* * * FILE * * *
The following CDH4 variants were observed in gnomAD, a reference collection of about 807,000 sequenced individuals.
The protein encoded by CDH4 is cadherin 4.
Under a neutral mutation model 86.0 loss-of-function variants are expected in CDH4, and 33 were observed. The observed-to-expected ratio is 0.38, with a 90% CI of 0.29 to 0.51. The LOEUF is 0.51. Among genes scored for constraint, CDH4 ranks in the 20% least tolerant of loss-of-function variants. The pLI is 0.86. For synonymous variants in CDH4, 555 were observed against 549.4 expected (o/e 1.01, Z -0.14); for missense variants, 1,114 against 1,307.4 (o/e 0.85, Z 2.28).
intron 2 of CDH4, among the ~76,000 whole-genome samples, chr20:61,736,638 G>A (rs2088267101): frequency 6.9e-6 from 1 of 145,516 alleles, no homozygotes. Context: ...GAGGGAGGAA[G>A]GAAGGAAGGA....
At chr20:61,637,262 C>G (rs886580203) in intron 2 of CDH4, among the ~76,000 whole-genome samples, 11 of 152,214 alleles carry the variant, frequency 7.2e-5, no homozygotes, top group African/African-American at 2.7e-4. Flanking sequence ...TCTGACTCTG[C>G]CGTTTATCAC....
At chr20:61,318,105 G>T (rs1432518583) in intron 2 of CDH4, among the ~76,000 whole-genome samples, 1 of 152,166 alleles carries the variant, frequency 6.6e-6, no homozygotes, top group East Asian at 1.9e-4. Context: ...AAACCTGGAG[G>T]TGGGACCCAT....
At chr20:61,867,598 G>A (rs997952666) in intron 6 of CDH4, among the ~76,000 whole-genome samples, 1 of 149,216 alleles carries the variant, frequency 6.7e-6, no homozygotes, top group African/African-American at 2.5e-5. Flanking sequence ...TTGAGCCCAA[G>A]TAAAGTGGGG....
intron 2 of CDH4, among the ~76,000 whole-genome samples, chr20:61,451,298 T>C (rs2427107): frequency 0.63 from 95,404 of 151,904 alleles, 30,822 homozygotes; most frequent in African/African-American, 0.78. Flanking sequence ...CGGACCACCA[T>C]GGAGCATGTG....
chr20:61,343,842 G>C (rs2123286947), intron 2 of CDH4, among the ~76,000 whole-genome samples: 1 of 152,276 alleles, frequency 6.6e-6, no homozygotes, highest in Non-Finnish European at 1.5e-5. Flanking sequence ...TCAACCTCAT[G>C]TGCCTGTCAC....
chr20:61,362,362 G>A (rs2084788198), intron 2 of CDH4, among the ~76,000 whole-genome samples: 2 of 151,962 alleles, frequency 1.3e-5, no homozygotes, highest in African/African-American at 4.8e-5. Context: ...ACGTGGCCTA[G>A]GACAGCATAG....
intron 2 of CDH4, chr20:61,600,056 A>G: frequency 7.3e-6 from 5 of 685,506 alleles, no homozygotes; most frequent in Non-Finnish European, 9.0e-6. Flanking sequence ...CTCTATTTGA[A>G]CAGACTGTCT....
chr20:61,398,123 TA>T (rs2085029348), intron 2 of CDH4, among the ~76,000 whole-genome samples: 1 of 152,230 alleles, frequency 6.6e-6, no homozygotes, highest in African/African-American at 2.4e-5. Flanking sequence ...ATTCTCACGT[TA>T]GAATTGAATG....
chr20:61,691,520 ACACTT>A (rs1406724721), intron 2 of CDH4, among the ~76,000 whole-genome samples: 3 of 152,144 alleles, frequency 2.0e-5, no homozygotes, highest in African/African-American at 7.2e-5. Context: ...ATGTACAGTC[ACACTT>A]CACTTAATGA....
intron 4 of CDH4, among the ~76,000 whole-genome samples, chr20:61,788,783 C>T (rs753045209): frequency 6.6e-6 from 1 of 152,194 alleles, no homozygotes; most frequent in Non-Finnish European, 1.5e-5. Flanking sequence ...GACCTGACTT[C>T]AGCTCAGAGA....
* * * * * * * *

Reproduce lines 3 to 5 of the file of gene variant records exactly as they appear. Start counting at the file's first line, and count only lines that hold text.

Under a neutral mutation model 86.0 loss-of-function variants are expected in CDH4, and 33 were observed. The observed-to-expected ratio is 0.38, with a 90% CI of 0.29 to 0.51. The LOEUF is 0.51. Among genes scored for constraint, CDH4 ranks in the 20% least tolerant of loss-of-function variants. The pLI is 0.86. For synonymous variants in CDH4, 555 were observed against 549.4 expected (o/e 1.01, Z -0.14); for missense variants, 1,114 against 1,307.4 (o/e 0.85, Z 2.28).
intron 2 of CDH4, among the ~76,000 whole-genome samples, chr20:61,736,638 G>A (rs2088267101): frequency 6.9e-6 from 1 of 145,516 alleles, no homozygotes. Context: ...GAGGGAGGAA[G>A]GAAGGAAGGA....
At chr20:61,637,262 C>G (rs886580203) in intron 2 of CDH4, among the ~76,000 whole-genome samples, 11 of 152,214 alleles carry the variant, frequency 7.2e-5, no homozygotes, top group African/African-American at 2.7e-4. Flanking sequence ...TCTGACTCTG[C>G]CGTTTATCAC....